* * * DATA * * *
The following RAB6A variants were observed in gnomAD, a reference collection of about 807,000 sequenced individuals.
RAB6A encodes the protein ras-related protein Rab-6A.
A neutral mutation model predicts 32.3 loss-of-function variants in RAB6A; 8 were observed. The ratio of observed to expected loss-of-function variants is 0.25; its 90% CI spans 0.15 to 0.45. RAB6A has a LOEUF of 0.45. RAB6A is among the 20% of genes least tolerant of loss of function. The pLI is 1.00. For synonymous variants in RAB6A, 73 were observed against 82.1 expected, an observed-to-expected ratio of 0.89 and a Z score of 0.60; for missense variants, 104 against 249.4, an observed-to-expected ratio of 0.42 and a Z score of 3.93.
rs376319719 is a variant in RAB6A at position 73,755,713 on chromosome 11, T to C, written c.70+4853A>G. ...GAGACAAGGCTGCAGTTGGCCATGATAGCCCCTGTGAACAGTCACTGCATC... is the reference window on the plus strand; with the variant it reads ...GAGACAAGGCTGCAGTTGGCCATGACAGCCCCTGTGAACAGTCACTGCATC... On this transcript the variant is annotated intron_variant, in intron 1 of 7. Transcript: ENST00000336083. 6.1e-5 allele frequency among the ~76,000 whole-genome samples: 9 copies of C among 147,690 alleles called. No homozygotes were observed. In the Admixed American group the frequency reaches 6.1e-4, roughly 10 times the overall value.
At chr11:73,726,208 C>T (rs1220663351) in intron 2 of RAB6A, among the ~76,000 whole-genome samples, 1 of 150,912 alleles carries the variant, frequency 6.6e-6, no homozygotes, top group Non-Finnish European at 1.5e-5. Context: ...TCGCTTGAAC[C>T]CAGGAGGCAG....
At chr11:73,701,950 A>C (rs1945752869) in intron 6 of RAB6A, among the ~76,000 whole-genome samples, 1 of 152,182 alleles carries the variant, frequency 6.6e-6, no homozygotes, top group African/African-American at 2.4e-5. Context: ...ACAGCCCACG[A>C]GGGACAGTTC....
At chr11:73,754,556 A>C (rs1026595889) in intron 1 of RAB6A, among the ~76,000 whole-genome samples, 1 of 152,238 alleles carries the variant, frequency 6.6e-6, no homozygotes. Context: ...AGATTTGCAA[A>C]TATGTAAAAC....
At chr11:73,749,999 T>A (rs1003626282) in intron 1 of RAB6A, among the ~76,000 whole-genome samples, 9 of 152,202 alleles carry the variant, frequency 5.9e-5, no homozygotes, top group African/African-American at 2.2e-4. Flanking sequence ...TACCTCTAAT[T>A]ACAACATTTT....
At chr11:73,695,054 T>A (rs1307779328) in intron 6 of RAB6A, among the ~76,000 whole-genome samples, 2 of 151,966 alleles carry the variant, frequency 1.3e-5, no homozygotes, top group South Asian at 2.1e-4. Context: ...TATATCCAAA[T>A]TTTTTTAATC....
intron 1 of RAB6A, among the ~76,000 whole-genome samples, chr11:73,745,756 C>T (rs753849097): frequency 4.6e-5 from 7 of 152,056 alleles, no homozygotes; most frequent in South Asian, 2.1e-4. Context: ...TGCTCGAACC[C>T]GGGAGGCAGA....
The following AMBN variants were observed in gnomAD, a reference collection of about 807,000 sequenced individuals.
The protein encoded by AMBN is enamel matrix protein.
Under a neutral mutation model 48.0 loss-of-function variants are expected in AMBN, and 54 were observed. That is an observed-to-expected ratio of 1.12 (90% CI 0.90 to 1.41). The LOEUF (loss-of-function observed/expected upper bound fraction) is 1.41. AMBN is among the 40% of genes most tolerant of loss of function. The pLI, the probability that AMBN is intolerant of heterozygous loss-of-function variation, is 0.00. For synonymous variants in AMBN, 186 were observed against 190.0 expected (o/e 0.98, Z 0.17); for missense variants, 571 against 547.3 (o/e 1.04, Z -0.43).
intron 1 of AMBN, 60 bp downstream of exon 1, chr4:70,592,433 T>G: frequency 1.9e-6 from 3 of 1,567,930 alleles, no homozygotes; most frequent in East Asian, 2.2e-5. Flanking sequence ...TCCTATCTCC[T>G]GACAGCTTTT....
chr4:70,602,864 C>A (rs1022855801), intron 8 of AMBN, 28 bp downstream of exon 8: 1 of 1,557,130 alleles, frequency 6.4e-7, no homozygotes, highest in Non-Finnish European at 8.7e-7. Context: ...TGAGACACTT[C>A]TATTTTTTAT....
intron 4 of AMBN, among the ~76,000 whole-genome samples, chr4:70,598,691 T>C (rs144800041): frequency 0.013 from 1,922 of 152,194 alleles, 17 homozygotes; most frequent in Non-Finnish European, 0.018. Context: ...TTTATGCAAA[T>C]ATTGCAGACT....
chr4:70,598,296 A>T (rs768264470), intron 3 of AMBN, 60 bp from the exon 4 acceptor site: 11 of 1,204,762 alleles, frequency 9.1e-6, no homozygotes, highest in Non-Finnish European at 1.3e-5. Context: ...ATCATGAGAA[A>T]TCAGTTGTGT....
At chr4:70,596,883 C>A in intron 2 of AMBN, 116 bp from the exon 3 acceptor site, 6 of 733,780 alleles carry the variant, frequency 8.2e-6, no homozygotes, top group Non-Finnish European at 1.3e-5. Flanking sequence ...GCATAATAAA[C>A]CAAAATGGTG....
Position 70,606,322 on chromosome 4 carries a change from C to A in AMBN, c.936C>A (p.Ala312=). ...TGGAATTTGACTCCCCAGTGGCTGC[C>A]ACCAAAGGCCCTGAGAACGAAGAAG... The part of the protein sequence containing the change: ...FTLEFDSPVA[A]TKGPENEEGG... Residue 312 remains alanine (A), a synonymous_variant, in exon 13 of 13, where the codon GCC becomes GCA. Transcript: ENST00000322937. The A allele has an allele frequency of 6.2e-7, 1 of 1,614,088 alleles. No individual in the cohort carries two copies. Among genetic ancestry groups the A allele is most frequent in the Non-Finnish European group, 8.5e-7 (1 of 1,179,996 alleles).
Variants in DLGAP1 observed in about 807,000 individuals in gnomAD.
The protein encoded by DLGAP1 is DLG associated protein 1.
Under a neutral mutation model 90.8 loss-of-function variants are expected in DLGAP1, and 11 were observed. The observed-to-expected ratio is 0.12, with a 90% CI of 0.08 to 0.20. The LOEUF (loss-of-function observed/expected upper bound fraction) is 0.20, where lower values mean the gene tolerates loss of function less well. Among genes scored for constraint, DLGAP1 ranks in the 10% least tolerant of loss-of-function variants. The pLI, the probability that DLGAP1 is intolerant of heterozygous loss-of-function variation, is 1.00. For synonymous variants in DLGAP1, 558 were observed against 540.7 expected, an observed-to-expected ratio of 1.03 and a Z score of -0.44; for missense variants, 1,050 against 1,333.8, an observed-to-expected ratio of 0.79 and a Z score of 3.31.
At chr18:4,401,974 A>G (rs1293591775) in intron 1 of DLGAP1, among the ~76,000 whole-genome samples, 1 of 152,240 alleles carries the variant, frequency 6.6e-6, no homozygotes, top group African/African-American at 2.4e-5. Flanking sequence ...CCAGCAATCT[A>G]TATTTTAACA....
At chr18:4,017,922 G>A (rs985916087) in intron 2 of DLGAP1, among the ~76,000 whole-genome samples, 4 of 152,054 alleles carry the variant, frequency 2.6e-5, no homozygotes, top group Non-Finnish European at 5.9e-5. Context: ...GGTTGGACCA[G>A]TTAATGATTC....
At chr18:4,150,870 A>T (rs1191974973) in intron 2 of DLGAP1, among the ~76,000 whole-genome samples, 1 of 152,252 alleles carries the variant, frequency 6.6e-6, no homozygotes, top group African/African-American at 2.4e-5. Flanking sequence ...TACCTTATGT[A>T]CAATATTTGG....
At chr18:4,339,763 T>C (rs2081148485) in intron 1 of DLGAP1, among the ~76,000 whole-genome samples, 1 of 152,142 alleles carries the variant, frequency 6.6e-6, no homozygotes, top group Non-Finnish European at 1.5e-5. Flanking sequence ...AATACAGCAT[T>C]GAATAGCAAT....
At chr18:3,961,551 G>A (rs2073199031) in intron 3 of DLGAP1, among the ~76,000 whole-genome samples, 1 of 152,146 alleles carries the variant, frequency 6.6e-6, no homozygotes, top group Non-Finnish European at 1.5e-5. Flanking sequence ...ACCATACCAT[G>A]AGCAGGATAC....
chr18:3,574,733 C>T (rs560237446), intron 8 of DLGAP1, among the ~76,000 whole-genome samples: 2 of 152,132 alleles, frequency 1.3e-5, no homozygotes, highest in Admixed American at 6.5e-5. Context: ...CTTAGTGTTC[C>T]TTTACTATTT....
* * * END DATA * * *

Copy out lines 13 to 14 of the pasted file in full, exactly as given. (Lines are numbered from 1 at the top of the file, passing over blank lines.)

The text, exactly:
Under a neutral mutation model 48.0 loss-of-function variants are expected in AMBN, and 54 were observed. That is an observed-to-expected ratio of 1.12 (90% CI 0.90 to 1.41). The LOEUF (loss-of-function observed/expected upper bound fraction) is 1.41. AMBN is among the 40% of genes most tolerant of loss of function. The pLI, the probability that AMBN is intolerant of heterozygous loss-of-function variation, is 0.00. For synonymous variants in AMBN, 186 were observed against 190.0 expected (o/e 0.98, Z 0.17); for missense variants, 571 against 547.3 (o/e 1.04, Z -0.43).
intron 1 of AMBN, 60 bp downstream of exon 1, chr4:70,592,433 T>G: frequency 1.9e-6 from 3 of 1,567,930 alleles, no homozygotes; most frequent in East Asian, 2.2e-5. Flanking sequence ...TCCTATCTCC[T>G]GACAGCTTTT....